# No 4 Fibonacci Numbers can be in Arithmetic Progression

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## Theorem

Let $a, b, c, d$ be distinct Fibonacci numbers.

Then, except for the trivial case:

- $a = 0, b = 1, c = 2, d = 3$

it is not possible that $a, b, c, d$ are in arithmetic progression.

## Proof

Let:

- $a = F_i, b = F_j, c = F_k, d = F_l$

where $F_n$ denotes the $n$th Fibonacci number.

Without loss of generality, further suppose that;

- $a < b < c < d$

or equivalently:

- $i < j < k < l$

Since $i, j, k, l$ are integers, the inequality could be written as:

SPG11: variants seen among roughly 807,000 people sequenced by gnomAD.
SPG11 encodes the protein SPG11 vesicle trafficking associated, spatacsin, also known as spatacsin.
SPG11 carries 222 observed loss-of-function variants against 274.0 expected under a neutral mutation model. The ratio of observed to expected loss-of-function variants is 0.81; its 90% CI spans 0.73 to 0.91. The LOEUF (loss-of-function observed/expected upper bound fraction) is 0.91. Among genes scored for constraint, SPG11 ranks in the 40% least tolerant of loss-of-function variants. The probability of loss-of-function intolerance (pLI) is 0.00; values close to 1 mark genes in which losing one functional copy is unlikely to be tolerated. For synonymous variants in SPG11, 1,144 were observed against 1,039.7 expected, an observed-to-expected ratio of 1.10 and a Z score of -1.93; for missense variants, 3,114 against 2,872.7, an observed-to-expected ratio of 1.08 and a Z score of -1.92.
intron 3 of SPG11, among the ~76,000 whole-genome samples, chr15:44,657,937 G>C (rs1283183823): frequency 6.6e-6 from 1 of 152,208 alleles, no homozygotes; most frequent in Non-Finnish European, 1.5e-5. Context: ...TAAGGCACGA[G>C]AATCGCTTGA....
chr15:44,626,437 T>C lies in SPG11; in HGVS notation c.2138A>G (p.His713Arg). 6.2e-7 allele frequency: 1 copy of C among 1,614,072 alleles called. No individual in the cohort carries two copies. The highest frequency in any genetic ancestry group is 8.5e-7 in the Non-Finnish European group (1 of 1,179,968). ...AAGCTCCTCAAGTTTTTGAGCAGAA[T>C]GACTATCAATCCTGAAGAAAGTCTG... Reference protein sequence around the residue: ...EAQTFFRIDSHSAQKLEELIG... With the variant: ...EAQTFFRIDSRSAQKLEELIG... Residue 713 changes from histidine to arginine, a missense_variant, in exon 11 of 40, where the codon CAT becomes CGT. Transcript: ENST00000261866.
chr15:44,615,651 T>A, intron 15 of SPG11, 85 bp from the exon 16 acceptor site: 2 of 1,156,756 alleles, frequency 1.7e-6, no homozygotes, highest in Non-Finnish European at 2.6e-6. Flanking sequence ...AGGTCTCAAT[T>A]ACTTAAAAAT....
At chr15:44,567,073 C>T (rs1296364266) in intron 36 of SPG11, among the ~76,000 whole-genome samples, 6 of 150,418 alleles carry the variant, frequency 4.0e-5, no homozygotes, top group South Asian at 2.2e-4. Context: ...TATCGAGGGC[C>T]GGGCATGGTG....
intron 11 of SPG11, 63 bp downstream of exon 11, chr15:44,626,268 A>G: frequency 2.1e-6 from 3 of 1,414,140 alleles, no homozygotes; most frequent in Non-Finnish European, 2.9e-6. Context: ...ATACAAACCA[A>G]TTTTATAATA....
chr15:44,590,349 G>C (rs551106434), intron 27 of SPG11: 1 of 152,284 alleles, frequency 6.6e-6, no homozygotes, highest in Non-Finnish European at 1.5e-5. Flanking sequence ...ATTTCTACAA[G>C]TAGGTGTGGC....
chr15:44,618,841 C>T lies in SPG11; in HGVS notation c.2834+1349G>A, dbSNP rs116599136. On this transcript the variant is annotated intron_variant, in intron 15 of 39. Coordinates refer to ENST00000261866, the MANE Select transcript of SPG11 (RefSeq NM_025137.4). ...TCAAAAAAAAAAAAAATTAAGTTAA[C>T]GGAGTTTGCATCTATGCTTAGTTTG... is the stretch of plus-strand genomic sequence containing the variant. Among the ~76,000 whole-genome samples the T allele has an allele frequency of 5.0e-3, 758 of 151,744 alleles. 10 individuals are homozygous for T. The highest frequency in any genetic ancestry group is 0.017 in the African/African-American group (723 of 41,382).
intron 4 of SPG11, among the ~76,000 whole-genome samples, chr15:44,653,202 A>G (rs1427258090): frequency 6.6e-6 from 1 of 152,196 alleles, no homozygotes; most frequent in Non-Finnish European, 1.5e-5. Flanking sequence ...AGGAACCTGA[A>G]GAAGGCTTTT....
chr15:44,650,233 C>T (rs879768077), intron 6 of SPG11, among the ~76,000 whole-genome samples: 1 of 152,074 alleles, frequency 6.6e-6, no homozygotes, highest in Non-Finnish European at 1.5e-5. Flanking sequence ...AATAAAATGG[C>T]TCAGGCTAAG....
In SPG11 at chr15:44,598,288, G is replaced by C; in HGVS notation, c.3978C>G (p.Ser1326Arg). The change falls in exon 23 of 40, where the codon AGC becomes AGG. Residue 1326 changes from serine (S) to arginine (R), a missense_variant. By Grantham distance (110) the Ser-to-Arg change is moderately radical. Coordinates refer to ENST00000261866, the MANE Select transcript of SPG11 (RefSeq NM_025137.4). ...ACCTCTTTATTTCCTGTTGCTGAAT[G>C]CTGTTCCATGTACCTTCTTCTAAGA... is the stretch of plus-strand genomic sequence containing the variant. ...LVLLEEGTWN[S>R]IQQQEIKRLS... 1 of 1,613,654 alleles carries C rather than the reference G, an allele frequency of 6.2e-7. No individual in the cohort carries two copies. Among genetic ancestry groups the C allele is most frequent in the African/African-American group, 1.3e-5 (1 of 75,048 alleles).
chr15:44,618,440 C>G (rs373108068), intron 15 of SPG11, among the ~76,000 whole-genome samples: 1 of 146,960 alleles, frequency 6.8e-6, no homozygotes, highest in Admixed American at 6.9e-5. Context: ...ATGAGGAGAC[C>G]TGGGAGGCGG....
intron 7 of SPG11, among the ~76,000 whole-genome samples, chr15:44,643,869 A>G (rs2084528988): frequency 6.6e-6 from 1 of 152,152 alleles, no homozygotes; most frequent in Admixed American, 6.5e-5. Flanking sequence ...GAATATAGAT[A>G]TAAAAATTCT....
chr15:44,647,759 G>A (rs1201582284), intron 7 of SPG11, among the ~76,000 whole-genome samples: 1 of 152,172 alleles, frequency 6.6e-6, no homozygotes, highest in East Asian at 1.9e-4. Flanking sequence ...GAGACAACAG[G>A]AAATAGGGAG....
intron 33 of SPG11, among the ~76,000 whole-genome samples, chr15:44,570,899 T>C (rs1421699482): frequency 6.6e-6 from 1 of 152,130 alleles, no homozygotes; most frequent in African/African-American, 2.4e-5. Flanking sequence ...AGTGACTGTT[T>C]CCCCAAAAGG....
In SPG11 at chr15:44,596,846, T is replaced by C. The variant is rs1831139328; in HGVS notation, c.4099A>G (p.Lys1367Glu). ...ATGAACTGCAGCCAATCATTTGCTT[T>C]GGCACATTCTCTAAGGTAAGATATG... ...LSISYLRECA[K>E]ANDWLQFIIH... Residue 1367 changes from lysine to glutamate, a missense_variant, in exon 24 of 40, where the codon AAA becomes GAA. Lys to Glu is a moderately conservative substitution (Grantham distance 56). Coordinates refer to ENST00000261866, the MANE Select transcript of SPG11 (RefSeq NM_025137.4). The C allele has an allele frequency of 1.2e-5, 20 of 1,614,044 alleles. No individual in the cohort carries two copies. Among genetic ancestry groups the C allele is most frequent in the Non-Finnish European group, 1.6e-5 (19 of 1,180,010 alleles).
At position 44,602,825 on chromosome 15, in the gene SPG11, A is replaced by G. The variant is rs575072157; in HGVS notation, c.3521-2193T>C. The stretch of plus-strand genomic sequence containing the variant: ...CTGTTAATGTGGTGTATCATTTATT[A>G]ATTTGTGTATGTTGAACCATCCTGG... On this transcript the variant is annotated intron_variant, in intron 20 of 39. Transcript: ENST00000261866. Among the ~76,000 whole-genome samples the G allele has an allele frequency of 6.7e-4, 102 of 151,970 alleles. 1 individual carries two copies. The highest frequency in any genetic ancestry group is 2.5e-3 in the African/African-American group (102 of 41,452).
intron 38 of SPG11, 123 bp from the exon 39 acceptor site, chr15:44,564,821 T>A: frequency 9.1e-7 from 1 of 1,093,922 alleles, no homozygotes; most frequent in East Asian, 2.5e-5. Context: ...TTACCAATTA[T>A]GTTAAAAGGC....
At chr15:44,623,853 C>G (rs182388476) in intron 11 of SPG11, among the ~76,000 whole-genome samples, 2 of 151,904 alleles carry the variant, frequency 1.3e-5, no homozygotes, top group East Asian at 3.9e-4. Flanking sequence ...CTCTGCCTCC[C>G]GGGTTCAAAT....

- $i \le j - 1 \le k - 2 \le l - 3$

Now consider:

\(\displaystyle d - c\) | \(=\) | \(\displaystyle F_l - F_k\) | |||||||||||

\(\displaystyle \) | \(\ge\) | \(\displaystyle F_l - F_{l - 1}\) | By assumption, $k - 2 \le l - 3$ | ||||||||||

\(\displaystyle \) | \(=\) | \(\displaystyle F_{l - 2}\) | Definition of Fibonacci Number | ||||||||||

\(\displaystyle \) | \(\ge\) | \(\displaystyle F_j\) | By assumption, $j - 1 \le l - 3$ | ||||||||||

\(\displaystyle \) | \(\ge\) | \(\displaystyle F_j - F_i\) | |||||||||||

\(\displaystyle \) | \(=\) | \(\displaystyle b - a\) |

For $a, b, c, d$ be in arithmetic progression:

- $d - c = b - a$

So the equality holds.

So $a = 0$ and $j - 1 = k - 2 = l - 3$.

## Sources

- 1986: David Wells:
*Curious and Interesting Numbers*... (previous) ... (next): $5$ - 1997: David Wells:
*Curious and Interesting Numbers*(2nd ed.) ... (previous) ... (next): $5$